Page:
Matelski Logs 2,000 Points, Aims Higher

February 5, 2016

By Dennis Chase
Special for Second Half

BOYNE FALLS – It's been one milestone after another for Marcus Matelski in 2016.

In the last four weeks, the Boyne Falls senior has eclipsed the school's single-game scoring record three times, while becoming the 36th player in MHSAA state basketball history to score 2,000 points in his career.

To top it off, Matelski led the Loggers to a 53-50 win over previously unbeaten Alanson last Friday to forge a tie atop the Northern Lakes Conference. Earlier in the month, Alanson handed Boyne Falls its first league loss in five years, a streak that stretched nearly 60 games.

Matelski, who scored a school record 50 points in Monday's win over Traverse City Christian, has been instrumental in the Loggers’ success over those five years since he started on varsity as an eighth-grader. Because of the school's enrollment – Boyne Falls has fewer than 40 students – the MHSAA allowed Matelski to play on the varsity as a 13-year-old. He scored more than 200 points that season, although those numbers are not included in his high school career totals.

A two-time Associated Press all-state player, the 6-foot-2 Matelski is averaging 38 points, 11 rebounds, 8.0 steals and 4.5 assists per game for the 12-2 Loggers. He currently ranks 11th on the MHSAA’s statewide all-time scoring list with 2,226 points and is on track to break the single-season steals record of 131 set by three different players.

Records to gloat about, right?

Matelski, though, is not the attention-seeking type.

"I don't like to think about (records) too much," he said. "That way I don't get overwhelmed by it. I just like to go out there and play."

The night he surpassed 2,000 career points, officials stopped the game for a brief presentation. Matelski's reaction? He asked his coach, Tim Smith, how long it would take because he wanted to get back to the game.

Matelski spent the post-game posing for pictures with family and friends and talking with the media. There was no celebration in the locker room.

"Marcus would not have wanted that," his friend and teammate Andrew Campbell said. "He's humble. He's an under-the-radar type of guy. You talk to him about his accomplishments and he acts like it's nothing."

Matelski's averages speak volumes. So does his team's success. In his five years on varsity, Boyne Falls is 91-10. They are seeking a fifth consecutive league title and a third straight District championship.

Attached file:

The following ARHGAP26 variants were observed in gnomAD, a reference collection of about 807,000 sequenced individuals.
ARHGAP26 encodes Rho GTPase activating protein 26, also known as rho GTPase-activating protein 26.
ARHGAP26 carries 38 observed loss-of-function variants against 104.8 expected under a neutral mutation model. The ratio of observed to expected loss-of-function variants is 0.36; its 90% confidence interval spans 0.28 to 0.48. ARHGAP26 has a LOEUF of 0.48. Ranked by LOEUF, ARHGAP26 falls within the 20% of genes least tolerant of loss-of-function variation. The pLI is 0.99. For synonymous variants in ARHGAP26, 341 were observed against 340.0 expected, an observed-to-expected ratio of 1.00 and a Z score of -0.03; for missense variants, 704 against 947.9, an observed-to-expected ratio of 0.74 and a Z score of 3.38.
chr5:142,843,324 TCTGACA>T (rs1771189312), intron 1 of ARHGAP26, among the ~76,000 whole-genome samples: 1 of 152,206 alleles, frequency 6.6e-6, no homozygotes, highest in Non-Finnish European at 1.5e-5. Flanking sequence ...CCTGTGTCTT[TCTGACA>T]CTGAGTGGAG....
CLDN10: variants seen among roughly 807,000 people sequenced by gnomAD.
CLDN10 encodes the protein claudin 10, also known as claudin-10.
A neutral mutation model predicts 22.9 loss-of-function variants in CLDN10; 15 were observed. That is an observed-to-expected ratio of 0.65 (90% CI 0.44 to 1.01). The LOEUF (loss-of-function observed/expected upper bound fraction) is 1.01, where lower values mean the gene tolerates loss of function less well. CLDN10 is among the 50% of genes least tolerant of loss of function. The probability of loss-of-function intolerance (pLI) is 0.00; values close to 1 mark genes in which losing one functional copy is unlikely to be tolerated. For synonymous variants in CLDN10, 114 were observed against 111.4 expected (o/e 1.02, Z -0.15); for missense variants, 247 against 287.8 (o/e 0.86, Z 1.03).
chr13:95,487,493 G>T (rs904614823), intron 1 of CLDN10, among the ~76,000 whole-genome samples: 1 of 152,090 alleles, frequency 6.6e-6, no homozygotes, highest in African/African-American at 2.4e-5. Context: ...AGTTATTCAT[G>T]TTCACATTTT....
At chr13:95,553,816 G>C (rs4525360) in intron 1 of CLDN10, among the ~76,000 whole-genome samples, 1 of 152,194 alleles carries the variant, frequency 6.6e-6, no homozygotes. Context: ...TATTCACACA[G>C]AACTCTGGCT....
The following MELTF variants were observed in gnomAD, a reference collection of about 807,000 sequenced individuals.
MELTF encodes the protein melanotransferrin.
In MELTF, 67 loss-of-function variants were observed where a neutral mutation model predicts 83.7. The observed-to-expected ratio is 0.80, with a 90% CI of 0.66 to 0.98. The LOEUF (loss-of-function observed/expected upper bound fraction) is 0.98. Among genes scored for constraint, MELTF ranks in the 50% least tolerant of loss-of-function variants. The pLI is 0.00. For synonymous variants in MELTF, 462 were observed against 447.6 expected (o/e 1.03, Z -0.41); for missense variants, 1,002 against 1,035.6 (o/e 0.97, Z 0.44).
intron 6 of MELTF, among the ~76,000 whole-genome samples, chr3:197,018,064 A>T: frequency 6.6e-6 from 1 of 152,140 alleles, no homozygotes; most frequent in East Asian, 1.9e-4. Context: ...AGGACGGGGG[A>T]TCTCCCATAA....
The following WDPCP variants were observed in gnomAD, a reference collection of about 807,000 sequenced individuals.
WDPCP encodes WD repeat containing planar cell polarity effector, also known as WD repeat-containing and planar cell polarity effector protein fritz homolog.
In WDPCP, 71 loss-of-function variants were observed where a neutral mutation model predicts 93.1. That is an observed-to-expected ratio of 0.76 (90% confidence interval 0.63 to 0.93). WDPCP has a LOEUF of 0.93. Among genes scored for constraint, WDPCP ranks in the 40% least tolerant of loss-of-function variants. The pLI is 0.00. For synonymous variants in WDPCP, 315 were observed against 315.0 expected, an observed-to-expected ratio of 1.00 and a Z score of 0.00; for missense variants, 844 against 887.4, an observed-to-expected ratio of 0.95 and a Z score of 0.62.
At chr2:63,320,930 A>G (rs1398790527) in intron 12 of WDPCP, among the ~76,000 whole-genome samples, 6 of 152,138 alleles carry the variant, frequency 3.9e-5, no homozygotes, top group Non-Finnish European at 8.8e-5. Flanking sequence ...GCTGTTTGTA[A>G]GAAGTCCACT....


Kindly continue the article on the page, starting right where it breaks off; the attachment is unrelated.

For Smith, Matelski is a once-in-a-lifetime player.

"Marcus could be an impact player for any school in northern Michigan, no matter the level," he said. "He's a coach's dream. What I'm most proud of is how hard he makes those around him work, including me. He demands you coach him. He demands you make him better. I haven't played many rounds of golf the last four years because he's calling me every night, saying, 'Can I get in the gym and put up 500 to 600 shots?'”

Smith describes Matelski, a National Honor Society student, as a quiet leader, a hard worker who leads by example.

"Marcus is the type of kid who will work eight hours in the mill (at the family’s lumber yard), deliver a couple truckloads of wood afterwards, go mow his grandmother's grass and then call me around 8 or 9 at night wanting to get in the gym," Smith said.

The fact that Smith is there for his players is not lost on the 17-year-old.

"We're very lucky to have a coach like coach Smith because he will not say no," Matelski said. "If I call, or a couple of the other guys call and ask if we can get in the gym, he'll be there in five minutes. That's pretty special."

Smith, who has coached for more than 20 years at four schools, is a Boyne Falls graduate. He played on the basketball team in the early 1980s with Marcus Matelski's father, Chris. Smith scored nearly 1,400 points in his three years on varsity and held the school's single-game scoring record of 43 points until Matelski tossed in 44 in a win over Alba in early January. Three weeks later, Matelski went off for 48 against Central Lake. Then 50 on Monday.

"Marcus is the most well-rounded player I've ever coached," Smith said.

"He's so athletic. The night he hit 2,000 he didn't miss a shot (at the start). He scored on a crossover pull-up. He scored on an offensive rebound. He scored on a back cut. He scored on a two-handed dunk. He scored on a 3."

Matelski needed 16 points in that mid-January contest with Harbor Light Christian to reach 2,000. A deep 3 with two minutes left in the first quarter put him over.

"We knew he was going to get it that night," Campbell said. "But in the first quarter? That was crazy. I guess if the well's not dry you keep going to it."

Matelski admitted it was a "surreal" night, one that brought out a flood of emotions as he started recalling "everything that went into" making that moment so special. At the top of his list? All the support he's received from his family, community, coaches and, of course, teammates.

"I get all this recognition for putting the ball in the hoop, but they do the behind-the-scenes work," he said of his teammates. "And I thank them for that."

That gratitude is a two-way street because his teammates contend Matelski makes them better players.

"He averages insane numbers, but it's not like he has the basketball all the time," Campbell, who also averages in double figures, said. "He gets everybody involved.  Marcus expects just as much from us as coach does. He wants us to be on top of our games, too, so we can have success as a team."